i GET CON 3: 3.60555127546
2: [(1,1) (0,0) (2,3) (3,4) (1,0)]
1: [(0,0) (0,0) (0,0) (0,0) (0,0)]

- 2: 3.60555127546
1: [(1,1) (0,0) (2,3) (3,4) (1,0)]

RNRM 2: 3.60555127546
1: 5.

MAX 1: 5.

NEXT 1: 5.

.........

RNRM 2: 5.
1: 4.472135955

MAX 1: 5.

NEXT 1: 5.

» » » 1: 5.
-------------------- ---------------------------------------

« LIST-> 2 / -> n 
« { n 2 } ->ARRY [ 1 (0,1) ] * -> D
« 0
1 n FOR i
D DUP DUP i GET CON - RNRM MAX NEXT
»
»
»

The initial list is easely converted into a row array contening the coordinate of the points as complex coordinates by the two first line of the code.


Edited: 26 Sept 2012, 9:39 a.m.

#28

"If the entry list was a list of complex points, it would be easy: "

Here is another easy way to do :

 2. « IF NSUB 2. MOD THEN R->C ELSE DROP2 END » DOSUBS 

{ 3 6 5 2 3 1 8 2 6 5 4 4 7 4 }

->

{ (3.,6.) (5.,2.) (3.,1.) (8.,2.) (6.,5.) (4.,4.) (7.,4.) }


118 Bytes solution

«
2. « IF NSUB 2. MOD THEN R->C ELSE DROP2 END » DOSUBS
DUP SIZE NDUPN ->LIST DUP TRAN
\GSLIST SWAP \GSLIST - ABS
0 + «MAX» STREAM
»

Edited: 26 Sept 2012, 5:10 p.m. after one or more responses were posted


#29

Quote:
 2. « IF NSUB 2. MOD THEN R->C ELSE DROP2 END » DOSUBS 

{ 3 6 5 2 3 1 8 2 6 5 4 4 7 4 }
->
{ (3.,6.) (5.,2.) (3.,1.) (8.,2.) (6.,5.) (4.,4.) (7.,4.) }


Here's a slight size improvement. If there's a way to put a built-in command directly on the stack, that would save another 5 bytes:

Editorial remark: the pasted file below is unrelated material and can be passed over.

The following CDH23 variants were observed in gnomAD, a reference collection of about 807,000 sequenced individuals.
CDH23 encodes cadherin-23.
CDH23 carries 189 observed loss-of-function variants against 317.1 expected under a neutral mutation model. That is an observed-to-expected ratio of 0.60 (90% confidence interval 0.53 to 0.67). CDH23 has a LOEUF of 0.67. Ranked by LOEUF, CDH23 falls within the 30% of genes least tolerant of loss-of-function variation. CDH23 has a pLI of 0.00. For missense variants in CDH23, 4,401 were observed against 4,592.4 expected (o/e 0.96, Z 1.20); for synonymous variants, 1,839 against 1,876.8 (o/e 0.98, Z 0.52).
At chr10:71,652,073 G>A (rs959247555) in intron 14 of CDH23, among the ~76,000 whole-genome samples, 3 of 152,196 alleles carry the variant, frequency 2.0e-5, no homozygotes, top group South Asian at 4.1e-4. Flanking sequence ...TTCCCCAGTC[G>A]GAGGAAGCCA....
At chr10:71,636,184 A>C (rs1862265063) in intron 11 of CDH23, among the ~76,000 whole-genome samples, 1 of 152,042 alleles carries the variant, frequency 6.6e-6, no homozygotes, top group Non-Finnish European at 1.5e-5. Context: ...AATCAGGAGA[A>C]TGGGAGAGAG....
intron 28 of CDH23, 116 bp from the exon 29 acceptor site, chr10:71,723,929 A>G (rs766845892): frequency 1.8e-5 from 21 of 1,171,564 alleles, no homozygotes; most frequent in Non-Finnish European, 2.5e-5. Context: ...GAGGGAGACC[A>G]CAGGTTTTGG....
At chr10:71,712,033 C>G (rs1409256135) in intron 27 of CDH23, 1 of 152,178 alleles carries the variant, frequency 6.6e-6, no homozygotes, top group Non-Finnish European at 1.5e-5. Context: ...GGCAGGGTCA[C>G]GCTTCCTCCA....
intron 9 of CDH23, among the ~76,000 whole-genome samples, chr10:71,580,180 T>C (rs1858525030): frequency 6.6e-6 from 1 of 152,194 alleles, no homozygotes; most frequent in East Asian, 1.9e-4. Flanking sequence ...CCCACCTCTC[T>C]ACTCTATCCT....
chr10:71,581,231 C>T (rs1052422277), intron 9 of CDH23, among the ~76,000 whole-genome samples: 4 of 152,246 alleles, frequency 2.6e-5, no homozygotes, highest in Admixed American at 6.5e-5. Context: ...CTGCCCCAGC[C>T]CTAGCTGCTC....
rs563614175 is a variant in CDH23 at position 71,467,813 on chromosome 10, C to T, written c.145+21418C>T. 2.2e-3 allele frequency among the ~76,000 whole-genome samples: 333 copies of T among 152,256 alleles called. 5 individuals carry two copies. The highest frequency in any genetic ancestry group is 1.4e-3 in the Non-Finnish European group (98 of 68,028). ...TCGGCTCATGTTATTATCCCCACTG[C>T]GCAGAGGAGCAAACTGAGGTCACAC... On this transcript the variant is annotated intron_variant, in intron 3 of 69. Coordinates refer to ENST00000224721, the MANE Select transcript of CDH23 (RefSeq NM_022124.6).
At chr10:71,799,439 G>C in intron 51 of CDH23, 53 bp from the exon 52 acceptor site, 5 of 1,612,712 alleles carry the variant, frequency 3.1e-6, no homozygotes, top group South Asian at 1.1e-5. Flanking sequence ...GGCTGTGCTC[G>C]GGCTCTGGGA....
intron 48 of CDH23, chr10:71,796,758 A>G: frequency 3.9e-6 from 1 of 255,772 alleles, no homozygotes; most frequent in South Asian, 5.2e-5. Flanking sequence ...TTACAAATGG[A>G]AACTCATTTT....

1. « NSUB 2. MOD NOT { R->C } IFT  » DOSUBS

#30

2. \<< R\->C -1. NSUB ^ DROPN \>> DOSUBS
Cheers, Werner

#31

Now we have a 108 Bytes program ;)


This one in 99 Bytes:

«
2. « R->C -1. NSUB ^ DROPN » DOSUBS
DUP SIZE NDUPN ->LIST DUP TRAN
\GSLIST SWAP \GSLIST - ABS
SORT REVLIST HEAD
»

But both have problem with single point entry list (SigmaList 'bug')


Edited: 27 Sept 2012, 6:09 a.m.


#32

Yes, where

 LIST-> -> n « {n 2} ->ARRY [1 (0,1)] * »
or shortly
LIST-> 2 / { 2 } + ->ARRY [1 (0,1)] *
have no problem with inital single point list ! :-)


#33

Hi C.ret

This works fine but takes a lot of bytes !
I would try to be less than 100 Bytes whatever speed (I think it is imposssible to be quicker than a full stack approach ) ;)

<< LIST-> 2 / { 2 } + ->ARRY [1 (0,1)] * >>

takes 58.5 Bytes

<< LIST-> 2 / { 2 } + ->ARRY [1 'i'] * >>

only 47.5 but in this case, we must be in complex mode, so we have to set and restore flags...

« 2. « R->C -1. NSUB ^ DROPN » DOSUBS »

is 46 Bytes


Edited: 27 Sept 2012, 12:15 p.m.

#34

A 98 bytes version. Handle one point case.

  «
1. « IFERR R->C THEN END » DOSUBS
DUP HEAD + DUP SIZE NDUPN ->LIST
DUP TRAN \GSLIST SWAP \GSLIST -
AXL RNRM
»

AXL convert list<->matrix

#35

C'mon. That Mission Impossible quote was a joke, you know ;-)